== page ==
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Please use this identifier to cite or link to this item: http://hdl.handle.net/10761/3814

Issue Date: 24-Jan-2018
Authors: Compagnino, Antonio Alessio
Title: Properties and correlation of flares and coronal mass ejections and their possible relevance on the southern night sky background: a statistical study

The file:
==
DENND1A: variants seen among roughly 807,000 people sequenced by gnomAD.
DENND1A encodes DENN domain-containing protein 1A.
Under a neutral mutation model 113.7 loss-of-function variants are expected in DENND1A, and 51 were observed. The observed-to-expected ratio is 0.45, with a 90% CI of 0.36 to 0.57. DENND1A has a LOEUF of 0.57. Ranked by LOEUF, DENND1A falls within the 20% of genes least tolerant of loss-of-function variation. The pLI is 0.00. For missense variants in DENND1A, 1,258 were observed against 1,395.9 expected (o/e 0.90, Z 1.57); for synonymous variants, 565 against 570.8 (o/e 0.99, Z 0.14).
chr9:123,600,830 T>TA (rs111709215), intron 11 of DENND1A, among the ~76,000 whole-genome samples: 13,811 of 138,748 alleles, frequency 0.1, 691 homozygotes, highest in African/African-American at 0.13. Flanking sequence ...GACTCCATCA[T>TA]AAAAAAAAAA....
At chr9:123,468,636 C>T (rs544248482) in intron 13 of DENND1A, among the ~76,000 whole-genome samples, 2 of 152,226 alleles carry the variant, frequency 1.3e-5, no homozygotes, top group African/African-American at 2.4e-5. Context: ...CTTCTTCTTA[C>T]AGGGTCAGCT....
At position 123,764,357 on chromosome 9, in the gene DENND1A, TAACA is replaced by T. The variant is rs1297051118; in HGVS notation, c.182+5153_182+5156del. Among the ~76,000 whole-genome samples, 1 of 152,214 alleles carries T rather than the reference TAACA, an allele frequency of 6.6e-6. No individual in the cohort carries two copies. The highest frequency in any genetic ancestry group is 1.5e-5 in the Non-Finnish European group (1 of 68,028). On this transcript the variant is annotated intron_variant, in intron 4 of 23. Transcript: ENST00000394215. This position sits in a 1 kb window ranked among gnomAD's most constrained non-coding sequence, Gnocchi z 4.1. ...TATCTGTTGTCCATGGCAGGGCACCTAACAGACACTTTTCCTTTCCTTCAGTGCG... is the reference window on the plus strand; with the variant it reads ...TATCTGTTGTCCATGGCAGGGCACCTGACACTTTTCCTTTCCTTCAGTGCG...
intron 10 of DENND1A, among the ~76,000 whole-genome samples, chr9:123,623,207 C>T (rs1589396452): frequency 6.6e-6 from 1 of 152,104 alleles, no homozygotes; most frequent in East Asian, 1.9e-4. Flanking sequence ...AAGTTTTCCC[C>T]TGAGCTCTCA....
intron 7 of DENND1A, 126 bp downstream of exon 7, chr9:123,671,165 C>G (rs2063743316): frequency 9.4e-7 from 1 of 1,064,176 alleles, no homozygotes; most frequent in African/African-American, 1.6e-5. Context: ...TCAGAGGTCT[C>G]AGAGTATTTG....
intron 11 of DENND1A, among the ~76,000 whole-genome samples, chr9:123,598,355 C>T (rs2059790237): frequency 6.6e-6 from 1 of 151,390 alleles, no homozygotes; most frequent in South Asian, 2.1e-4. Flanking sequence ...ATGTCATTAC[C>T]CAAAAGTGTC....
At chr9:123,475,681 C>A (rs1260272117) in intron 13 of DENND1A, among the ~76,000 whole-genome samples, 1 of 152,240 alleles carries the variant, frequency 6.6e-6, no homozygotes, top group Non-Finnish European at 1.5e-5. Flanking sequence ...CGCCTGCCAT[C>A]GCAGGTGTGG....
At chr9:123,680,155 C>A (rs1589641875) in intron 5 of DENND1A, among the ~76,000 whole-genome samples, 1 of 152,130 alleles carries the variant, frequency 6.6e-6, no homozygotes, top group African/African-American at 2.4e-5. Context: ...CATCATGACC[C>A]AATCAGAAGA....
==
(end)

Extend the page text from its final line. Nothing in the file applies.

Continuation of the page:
Abstract: This Thesis is devoted to a statistical study of solar phenomena (flares and coronal mass ejections) and their possible effects on the Earth. The Sun, our star, can be considered a huge laboratory where we can study the interaction of a ionized gas with magnetic fields. In particular, the solar atmosphere (the outer layers of the Sun, those which are accessible to observations) is characterized by phenomena that due their existence to localized magnetic fields: sunspots, faculae, filaments, active regions, bright points, coronal holes, etc. The occurrence of these phenomena is variable, depending on the so-called activity cycle, characterized by a period of 11 years. Moreover, in some situations, the magnetic field that permeates the active regions, from an initial potential field configuration (characterized by the minimum energy content), can slowly store energy, changing its configuration to more complex and more energetic ones. When the magnetic field configuration is not able to maintain its equilibrium, the stored magnetic energy is abruptly released, giving rise to phenomena that are generally termed as solar eruptions but that, depending on their characteristics, are distinguished between flares, filament eruptions and coronal mass ejections. In the last decades, the possibilities offered by new computer capabilities, new instruments and by satellite observations, have allowed us to understand many of the characteristics of these eruptions, as well as their effects on the Earth magnetosphere and ionosphere. However, despite the progress in our comprehension of these phenomena, there are still many aspects that need to be clarified: how and where is the energy stored, what causes the trigger of the eruption, how the different phenomena are related to each other and how they can affect our environment, to cite only a few. In this scenario, the work carried out in this Thesis has been motivated by three main questions: -- Are there preferential locations on the Sun where the magnetic field is prone to produce eruptive events ? -- What kind of correlation exists between flares (mainly confined to the solar atmosphere) and coronal mass ejections that, by definition, expel magnetized clouds into the interplanetary space ? -- Can the charged particles emitted during these events and arriving to the Earth ionosphere have a role in the observed variations of the night-sky background? The attempt to provide answers to the previous questions has been faced in this Thesis from an observational / statistical point of view. More precisely, the dataset that have been used in order to answer the first two questions have been retrieved from public archives of flares and coronal mass ejections relevant to the last two solar cycles (23 and 24), while in order to provide an answer to the third question, also data acquired by the Pierre Auger Observatory have been used. The main results obtained in this Thesis can be summarized as follows: -- The spatial and temporal distribution of the flares analyzed show persistent domains of occurrence within well defined belts of longitude, with a behavior similar to the one observed for other activity phenomena, like the sunspots. -- There is a temporal correlation between flares and CMEs for the 60 % of the events analyzed; the time interval (between 10-130 minutes) however depends on the dataset used. Moreover, the majority of CMEs with highest velocities show a clear temporal correlation with flares. -- The variations in the night-sky background analyzed for the nights when a major impact of charged particles associated to CMEs was expected, could not be clearly correlated to these events.
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